Product piracy has for many years been a threat for the holders of intellectual property ("IP") rights throughout the world. In Europe, the EU first sought to use customs authorities to help combat product piracy back in 1986 when it introduced a regulation to allow seizure of pirated goods on import into the EU. Although originally limited to combating product piracy, the legislation has been revised on three occasions and now also covers goods infringing patents, whether pirated or not. This provides a powerful weapon for IP rights' owners who are facing either pirated goods or goods infringing their patents, and one which, particularly for patent owners, has remained, surprisingly, relatively unknown and unused.
Product Piracy: An Important Issue
Product piracy relates to counterfeit goods, pirated goods and in a more general sense copycat products. The marketing of those goods creates considerable damage not only to right holders, but also to law-abiding manufacturers and traders—the economy as a whole suffers by lost taxes or employment, for example. Further, those goods in some cases can endanger the health and safety of the consumers (if, for example, pharmaceutical products do not contain their relevant effective ingredients, or if spare parts for automobiles or aircrafts do not work properly).
Counterfeiters and pirates have an unfair advantage over the manufacturers and distributors of the goods they copy because they can avoid much of the costs of research, product development and advertising.
The problem of product piracy is a very significant one. Whilst it is impossible to tell the size of the market in Europe in product piracy, the scale of the problem is evident from the amount of goods that customs seize. Statistics show that EU customs offices in 2008 reported they had detained more than 49,000 cases of goods on suspicion of infringing IP rights, totalling 178 million articles, of which about 20 million were potentially dangerous to the health and safety of consumers.1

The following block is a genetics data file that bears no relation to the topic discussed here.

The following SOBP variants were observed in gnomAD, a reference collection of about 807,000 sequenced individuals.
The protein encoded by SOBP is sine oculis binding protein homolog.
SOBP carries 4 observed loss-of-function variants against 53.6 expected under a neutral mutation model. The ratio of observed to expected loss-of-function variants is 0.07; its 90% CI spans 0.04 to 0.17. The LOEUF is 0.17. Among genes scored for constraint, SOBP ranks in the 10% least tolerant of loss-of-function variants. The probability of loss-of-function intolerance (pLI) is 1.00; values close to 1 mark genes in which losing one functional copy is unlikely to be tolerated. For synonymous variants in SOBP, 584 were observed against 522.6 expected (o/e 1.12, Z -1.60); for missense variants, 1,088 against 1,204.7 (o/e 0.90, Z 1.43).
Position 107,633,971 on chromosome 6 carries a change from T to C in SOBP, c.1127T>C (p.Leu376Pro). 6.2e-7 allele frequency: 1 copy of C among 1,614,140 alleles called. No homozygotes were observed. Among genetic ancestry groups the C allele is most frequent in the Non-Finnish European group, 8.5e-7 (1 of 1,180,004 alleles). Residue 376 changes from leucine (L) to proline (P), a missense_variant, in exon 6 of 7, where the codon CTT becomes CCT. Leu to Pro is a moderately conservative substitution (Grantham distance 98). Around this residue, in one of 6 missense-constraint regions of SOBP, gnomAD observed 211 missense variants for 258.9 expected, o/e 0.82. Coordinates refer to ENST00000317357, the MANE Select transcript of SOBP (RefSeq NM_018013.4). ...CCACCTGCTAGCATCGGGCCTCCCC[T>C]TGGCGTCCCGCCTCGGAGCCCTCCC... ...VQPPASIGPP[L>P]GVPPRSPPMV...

It is unsurprising therefore that combating product piracy is a high ranking political aim in the EU, and indeed the EU is currently conducting a consultation on the existing law with a view to updating it again.
How Product Piracy Happens
The influx of pirated goods into economic circulation into the EU follows two main routes:
Professional dealers in counterfeit goods order high volumes of pirated goods and try to place them into usual channels of commerce, such as retail shops. End-consumers are attracted by the low prices offered on the internet at traders' sites (such as www.alibaba.com, www.dhgate.com, etc.) and order goods in limited quantities either for their own use or to make some money by re-selling these goods at, for example, online auctions. Records from seizures show that most of the pirated goods originate from China. Other source countries include Thailand, Hong Kong, India, Turkey, and Vietnam and even countries with highly developed IP protection, such as the USA.
The Existing Legal Framework
Today, the primary legislation is Council Regulation (EC) No. 1383/2003 of July 22, 2003, titled "customs action against goods suspected of infringing certain intellectual property rights and the measures to be taken against goods found to have infringed such rights" ("CR (EC) No. 1383/2003"),2 which provides for uniform measures throughout the EU, handled by national customs authorities. Besides those pan-EU provisions, national IP law in any of the 27 Member States of the EU may provide for additional measures, although most countries rely on just CR (EC) No. 1383/2003.
CR (EC) No. 1383/2003 is effective in cases where counterfeit goods originate in or come from countries outside the EU. When such goods enter the EU, they are subject to a customs check and are subject to the measures laid out in the regulation. Action can also be taken against infringing goods in the process of being exported, re-exported or leaving the EU (Art. 1 (1) CR (EC) No. 1383/2003).
The enforcement is...